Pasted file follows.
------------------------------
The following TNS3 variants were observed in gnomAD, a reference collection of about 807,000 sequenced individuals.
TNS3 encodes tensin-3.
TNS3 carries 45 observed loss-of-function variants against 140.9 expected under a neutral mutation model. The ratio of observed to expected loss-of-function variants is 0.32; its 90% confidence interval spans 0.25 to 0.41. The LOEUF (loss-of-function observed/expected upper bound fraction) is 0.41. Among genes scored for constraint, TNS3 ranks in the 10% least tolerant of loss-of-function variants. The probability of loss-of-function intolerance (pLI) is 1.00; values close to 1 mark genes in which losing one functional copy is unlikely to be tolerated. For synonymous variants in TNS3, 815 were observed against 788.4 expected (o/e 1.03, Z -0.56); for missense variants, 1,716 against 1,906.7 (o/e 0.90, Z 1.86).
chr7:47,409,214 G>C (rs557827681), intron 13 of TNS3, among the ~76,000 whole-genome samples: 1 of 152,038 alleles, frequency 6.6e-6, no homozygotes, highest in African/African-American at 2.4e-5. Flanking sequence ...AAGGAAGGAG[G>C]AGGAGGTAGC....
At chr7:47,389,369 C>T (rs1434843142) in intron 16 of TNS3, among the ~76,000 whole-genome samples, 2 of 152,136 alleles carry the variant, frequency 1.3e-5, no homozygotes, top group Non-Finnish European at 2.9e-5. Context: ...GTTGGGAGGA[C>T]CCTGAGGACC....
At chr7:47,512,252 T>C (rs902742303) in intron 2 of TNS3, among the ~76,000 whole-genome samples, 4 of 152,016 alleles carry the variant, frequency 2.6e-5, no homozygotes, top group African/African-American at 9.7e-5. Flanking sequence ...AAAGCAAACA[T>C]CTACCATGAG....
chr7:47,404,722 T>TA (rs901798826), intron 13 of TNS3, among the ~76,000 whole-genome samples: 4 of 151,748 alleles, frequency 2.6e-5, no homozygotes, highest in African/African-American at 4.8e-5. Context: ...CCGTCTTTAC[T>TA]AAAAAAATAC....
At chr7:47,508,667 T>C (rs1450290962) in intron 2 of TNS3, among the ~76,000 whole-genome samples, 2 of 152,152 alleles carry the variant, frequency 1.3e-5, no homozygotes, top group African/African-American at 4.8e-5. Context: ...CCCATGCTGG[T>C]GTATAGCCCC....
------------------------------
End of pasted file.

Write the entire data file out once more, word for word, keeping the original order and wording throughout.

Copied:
The following TNS3 variants were observed in gnomAD, a reference collection of about 807,000 sequenced individuals.
TNS3 encodes tensin-3.
TNS3 carries 45 observed loss-of-function variants against 140.9 expected under a neutral mutation model. The ratio of observed to expected loss-of-function variants is 0.32; its 90% confidence interval spans 0.25 to 0.41. The LOEUF (loss-of-function observed/expected upper bound fraction) is 0.41. Among genes scored for constraint, TNS3 ranks in the 10% least tolerant of loss-of-function variants. The probability of loss-of-function intolerance (pLI) is 1.00; values close to 1 mark genes in which losing one functional copy is unlikely to be tolerated. For synonymous variants in TNS3, 815 were observed against 788.4 expected (o/e 1.03, Z -0.56); for missense variants, 1,716 against 1,906.7 (o/e 0.90, Z 1.86).
chr7:47,409,214 G>C (rs557827681), intron 13 of TNS3, among the ~76,000 whole-genome samples: 1 of 152,038 alleles, frequency 6.6e-6, no homozygotes, highest in African/African-American at 2.4e-5. Flanking sequence ...AAGGAAGGAG[G>C]AGGAGGTAGC....
At chr7:47,389,369 C>T (rs1434843142) in intron 16 of TNS3, among the ~76,000 whole-genome samples, 2 of 152,136 alleles carry the variant, frequency 1.3e-5, no homozygotes, top group Non-Finnish European at 2.9e-5. Context: ...GTTGGGAGGA[C>T]CCTGAGGACC....
At chr7:47,512,252 T>C (rs902742303) in intron 2 of TNS3, among the ~76,000 whole-genome samples, 4 of 152,016 alleles carry the variant, frequency 2.6e-5, no homozygotes, top group African/African-American at 9.7e-5. Flanking sequence ...AAAGCAAACA[T>C]CTACCATGAG....
chr7:47,404,722 T>TA (rs901798826), intron 13 of TNS3, among the ~76,000 whole-genome samples: 4 of 151,748 alleles, frequency 2.6e-5, no homozygotes, highest in African/African-American at 4.8e-5. Context: ...CCGTCTTTAC[T>TA]AAAAAAATAC....
At chr7:47,508,667 T>C (rs1450290962) in intron 2 of TNS3, among the ~76,000 whole-genome samples, 2 of 152,152 alleles carry the variant, frequency 1.3e-5, no homozygotes, top group African/African-American at 4.8e-5. Context: ...CCCATGCTGG[T>C]GTATAGCCCC....